Healthcare is a human right, and for decades the United States has been a global leader in fighting infectious diseases and strengthening the health systems of partner states around the world. Thanks to the strong bipartisan support from past administrations and Congress, American investments in global health programs have saved the lives of millions around the world.


One example of successful efforts to address global health is the Global Fund, a 21st century public-private partnership designed to accelerate the end of AIDS, tuberculosis (TB) and malaria as epidemics. Created in 2002, the Global Fund has helped achieve extraordinary progress in the fight against these deadly diseases. Similarly, President Bush established the U.S. President’s Emergency Plan for AIDS Relief (PEPFAR). Through this initiative the United States has demonstrably strengthened the global capacity to prevent, detect, and respond to new and existing global health risks.

While the United States has led the world in some areas of global health, it has also put up barriers to quality healthcare access. On January 23, 2017, President Donald Trump signed the “Presidential Memorandum Regarding the Mexico City Policy,” reinstating and expanding a policy that has been enacted by every Republican president since Ronald Reagan. The Mexico City Policy, also known as the global gag rule, bans all federal global health funding to foreign non-governmental groups that provide information, referrals, or services for legal abortion or advocate for the legalization of abortion in their country, even if these activities are funded with their own, non-US funds. U.S. laws already restrict federal foreign aid funds from paying for “abortion as a method of family planning.” The policy carries direct negative effects on women’s health care and opportunities. A 2011 Stanford University study found strong empirical evidence that the global gag rule, by undermining initiatives to reduce unwanted pregnancies, has likely increased abortion rates in the sub-Saharan African countries most exposed to the policy.


The Trump Administration has compromised America’s role as a global health leader by slashing funding for global health initiatives that once enjoyed strong, bipartisan support. President Trump’s FY2020 budget proposal cut global health programs at the U.S. Agency for International Development (USAID) and Department of State by 28 percent. His budget also included cuts for programs at the Department of Health and Human Services that support global health, including global health research and development and global health security.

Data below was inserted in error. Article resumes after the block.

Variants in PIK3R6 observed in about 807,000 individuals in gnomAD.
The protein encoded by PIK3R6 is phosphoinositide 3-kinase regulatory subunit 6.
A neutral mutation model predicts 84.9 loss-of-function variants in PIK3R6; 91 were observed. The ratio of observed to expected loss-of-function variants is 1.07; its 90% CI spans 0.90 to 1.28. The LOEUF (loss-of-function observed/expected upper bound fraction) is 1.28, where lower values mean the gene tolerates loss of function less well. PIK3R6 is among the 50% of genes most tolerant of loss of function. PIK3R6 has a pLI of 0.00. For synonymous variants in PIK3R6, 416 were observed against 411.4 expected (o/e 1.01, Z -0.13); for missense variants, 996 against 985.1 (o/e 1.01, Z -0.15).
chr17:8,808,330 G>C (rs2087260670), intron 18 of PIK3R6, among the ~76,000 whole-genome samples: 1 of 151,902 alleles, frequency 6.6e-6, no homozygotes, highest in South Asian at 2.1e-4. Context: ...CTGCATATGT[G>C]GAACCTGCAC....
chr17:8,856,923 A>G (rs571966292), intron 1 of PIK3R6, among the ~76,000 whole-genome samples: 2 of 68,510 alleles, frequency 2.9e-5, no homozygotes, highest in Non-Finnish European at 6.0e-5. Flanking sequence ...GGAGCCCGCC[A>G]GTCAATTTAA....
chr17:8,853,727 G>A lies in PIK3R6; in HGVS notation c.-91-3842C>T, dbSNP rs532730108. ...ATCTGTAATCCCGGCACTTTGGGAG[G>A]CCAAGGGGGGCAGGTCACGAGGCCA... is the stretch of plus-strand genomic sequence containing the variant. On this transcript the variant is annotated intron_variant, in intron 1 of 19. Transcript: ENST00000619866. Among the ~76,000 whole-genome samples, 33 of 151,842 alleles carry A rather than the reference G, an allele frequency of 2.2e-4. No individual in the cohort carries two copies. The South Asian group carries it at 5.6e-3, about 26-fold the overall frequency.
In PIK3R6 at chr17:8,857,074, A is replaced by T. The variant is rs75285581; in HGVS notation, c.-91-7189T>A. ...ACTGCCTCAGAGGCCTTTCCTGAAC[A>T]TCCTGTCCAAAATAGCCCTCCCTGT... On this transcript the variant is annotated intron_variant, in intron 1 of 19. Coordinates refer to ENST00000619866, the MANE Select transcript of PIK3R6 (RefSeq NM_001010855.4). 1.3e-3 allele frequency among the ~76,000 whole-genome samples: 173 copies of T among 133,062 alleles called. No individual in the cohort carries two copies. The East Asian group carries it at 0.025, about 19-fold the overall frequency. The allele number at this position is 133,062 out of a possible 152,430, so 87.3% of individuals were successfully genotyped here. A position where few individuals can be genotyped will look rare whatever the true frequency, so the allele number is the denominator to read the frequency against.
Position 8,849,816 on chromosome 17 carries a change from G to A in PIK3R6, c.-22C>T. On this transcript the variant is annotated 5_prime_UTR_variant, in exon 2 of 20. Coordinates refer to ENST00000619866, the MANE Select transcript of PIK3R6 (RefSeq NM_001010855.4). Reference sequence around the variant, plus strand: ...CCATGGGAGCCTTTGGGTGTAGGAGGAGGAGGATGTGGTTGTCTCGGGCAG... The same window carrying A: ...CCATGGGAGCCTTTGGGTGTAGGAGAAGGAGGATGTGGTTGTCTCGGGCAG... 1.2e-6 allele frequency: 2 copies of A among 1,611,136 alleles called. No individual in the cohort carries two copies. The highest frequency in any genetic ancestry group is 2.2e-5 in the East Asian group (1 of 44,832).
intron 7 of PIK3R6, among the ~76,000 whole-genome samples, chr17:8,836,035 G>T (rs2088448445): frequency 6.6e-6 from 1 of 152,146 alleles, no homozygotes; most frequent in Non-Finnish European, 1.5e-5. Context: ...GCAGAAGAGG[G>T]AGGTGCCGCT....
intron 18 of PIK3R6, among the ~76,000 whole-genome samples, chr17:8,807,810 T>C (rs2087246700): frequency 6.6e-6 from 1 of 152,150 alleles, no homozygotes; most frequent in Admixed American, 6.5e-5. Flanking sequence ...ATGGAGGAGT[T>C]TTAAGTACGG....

In January 2019, Planned Parenthood released an assessment on the Global Gag Rule and the impact it was having on the global community. The report detailed three main negative themes as a result of this policy. The first was that this policy mostly affects small, community-based organizations “who don’t have a firm understanding of the policy but would close without U.S. government funding, and therefore are left without a real decision to make.” The second theme was that the policy organizations who are in compliance with the Gag Rule are over-complying for fear of losing funding. Additionally, they found that the “policy [was] being applied to funding streams outside of global health and over-implemented to prohibit participation even from family planning organizations.” The third theme was the “erosion of public discourse on issues related to sexual and reproductive health.” which “weakens the effectiveness of civil society more broadly, and impedes our global understanding of the reproductive health and rights around the world”.


U.S leadership on global health is humanitarian, while also promoting stability, growing trading partners, and developing good will for the U.S., and combating China’s growing influence. That’s why we’re asking Congress to increase support for global health, including efforts to end global pandemics, and to end the harmful Mexico City Policy.

Call your congressional representatives today at (202) 224-3121 and ask Congress to reverse President Trump’s harmful actions. Here’s what to say:

  • Bipartisan support for the President’s Emergency Program for AIDS Relief (PEPFAR) and the President’s Malaria Initiative, each launched by President George W. Bush, and for the Global Fund to Fight AIDS, Tuberculosis, and Malaria, has saved tens of millions of lives. Congress should continue to fully fund these efforts, which showcase the best of American values and global leadership.

  • Mexico City Policy blocks women from accessing reproductive healthcare and disrupts local health systems. The practical effect has been to reduce the availability of all health services for the world’s most vulnerable people. Members of Congress should sponsor S. 368 / H.R. 1055, the Global Health, Empowerment and Rights Act, and work to end this dangerous policy.

  • Healthcare is a human right, and Congress must reject President Trump’s dangerous cuts to global health programs. In today’s interconnected worlds, global pandemics pose a threat to America’s national security. Instead of reducing our support, the U.S. should work with partner countries around the world to encourage them to increase their investments in providing affordable access to healthcare.